John Meyer’s 1969 invention of the Glyph loudspeaker, a low-distortion system based on huge, fiberglass horns, attracted the attention of notable musicians and led to a position as in-house loudspeaker designer at San Francisco's McCune Sound Service, where he first began creating loudspeakers using integral control processors, a technology later fully developed at Meyer Sound into self-powered loudspeaker systems.
In the mid-70s, John Meyer was invited to help establish an acoustics laboratory at the Institute for Advanced Musical Studies in Switzerland, where he advanced his research on low-distortion horns and integrated, large-scale loudspeaker systems. He continues his support of and involvement in advanced research to this day. Collaboration with universities, like the University of California, Berkeley’s Center for New Music and Audio Technologies (CNMAT), puts Meyer Sound at the forefront of audio innovation. John Meyer became a Fellow of the Audio Engineering Society (AES) in 1985 and received the AES Silver Medal in 2007.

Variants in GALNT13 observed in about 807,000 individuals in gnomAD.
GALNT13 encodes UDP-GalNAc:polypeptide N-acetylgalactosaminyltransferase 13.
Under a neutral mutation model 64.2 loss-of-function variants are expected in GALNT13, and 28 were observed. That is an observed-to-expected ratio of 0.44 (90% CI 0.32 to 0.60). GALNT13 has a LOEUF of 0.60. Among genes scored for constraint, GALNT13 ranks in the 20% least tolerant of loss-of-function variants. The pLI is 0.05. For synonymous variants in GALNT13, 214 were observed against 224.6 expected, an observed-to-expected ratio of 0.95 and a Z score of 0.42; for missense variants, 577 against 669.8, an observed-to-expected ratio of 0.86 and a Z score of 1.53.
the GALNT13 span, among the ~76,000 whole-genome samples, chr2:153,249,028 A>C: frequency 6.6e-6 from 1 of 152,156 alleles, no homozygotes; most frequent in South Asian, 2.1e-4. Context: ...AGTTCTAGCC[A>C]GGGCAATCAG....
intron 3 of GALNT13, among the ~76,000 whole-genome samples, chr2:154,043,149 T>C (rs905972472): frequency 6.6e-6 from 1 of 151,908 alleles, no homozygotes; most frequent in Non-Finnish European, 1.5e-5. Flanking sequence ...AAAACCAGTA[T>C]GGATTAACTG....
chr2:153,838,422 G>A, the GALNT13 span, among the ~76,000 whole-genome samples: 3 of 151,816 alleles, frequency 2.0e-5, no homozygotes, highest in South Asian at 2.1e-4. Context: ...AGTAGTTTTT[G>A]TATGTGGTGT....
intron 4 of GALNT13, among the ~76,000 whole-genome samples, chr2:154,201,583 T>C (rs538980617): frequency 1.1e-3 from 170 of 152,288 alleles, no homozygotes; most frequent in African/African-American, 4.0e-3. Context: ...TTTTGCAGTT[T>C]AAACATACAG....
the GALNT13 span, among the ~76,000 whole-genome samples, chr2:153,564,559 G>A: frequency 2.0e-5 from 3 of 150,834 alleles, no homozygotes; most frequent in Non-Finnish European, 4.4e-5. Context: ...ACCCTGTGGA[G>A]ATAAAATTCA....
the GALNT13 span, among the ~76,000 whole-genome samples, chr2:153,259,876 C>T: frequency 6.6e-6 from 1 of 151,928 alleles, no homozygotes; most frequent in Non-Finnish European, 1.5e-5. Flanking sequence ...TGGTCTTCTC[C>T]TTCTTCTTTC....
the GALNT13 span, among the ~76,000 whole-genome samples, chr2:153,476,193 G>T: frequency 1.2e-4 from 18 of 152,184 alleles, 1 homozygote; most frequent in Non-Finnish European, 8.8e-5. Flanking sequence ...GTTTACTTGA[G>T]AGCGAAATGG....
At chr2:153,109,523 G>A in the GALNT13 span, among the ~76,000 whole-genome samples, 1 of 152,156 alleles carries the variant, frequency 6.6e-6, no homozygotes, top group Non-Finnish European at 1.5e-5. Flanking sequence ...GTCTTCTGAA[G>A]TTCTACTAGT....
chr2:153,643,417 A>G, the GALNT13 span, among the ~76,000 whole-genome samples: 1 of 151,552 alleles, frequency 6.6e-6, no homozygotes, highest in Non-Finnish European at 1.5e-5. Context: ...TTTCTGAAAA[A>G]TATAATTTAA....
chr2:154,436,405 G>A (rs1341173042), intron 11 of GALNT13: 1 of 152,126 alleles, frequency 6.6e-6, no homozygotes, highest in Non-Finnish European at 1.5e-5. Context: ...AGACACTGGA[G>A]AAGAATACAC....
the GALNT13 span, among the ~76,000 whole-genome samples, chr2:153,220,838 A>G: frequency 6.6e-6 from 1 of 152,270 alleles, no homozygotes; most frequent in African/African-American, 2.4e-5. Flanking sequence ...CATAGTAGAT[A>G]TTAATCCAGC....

Managing all aspects of sales and marketing for Meyer Sound is the responsibility of Helen Meyer, who received an AES Citation in 1999 and was named Woman of Distinction by California’s East Bay Business Times in 2008. Together with John Meyer, Helen has led the company from a startup to an international operation with more than 300 employees and offices across Mexico, Germany, and Canada. The business philosophy for the company has always focused on establishing long-term relationships with customers by providing high-quality and reliable audio technology and exceptional technical support and training.
To this end, Meyer Sound began a science-based education program in the 1980s, with the belief that knowledgeable and well-trained audio practitioners are as critical to the audience experience as high-performance tools. Today, Meyer Sound’s international sound reinforcement education program conducts more than 150 seminars and webinars annually all around the world for audio professionals with varying levels of expertise.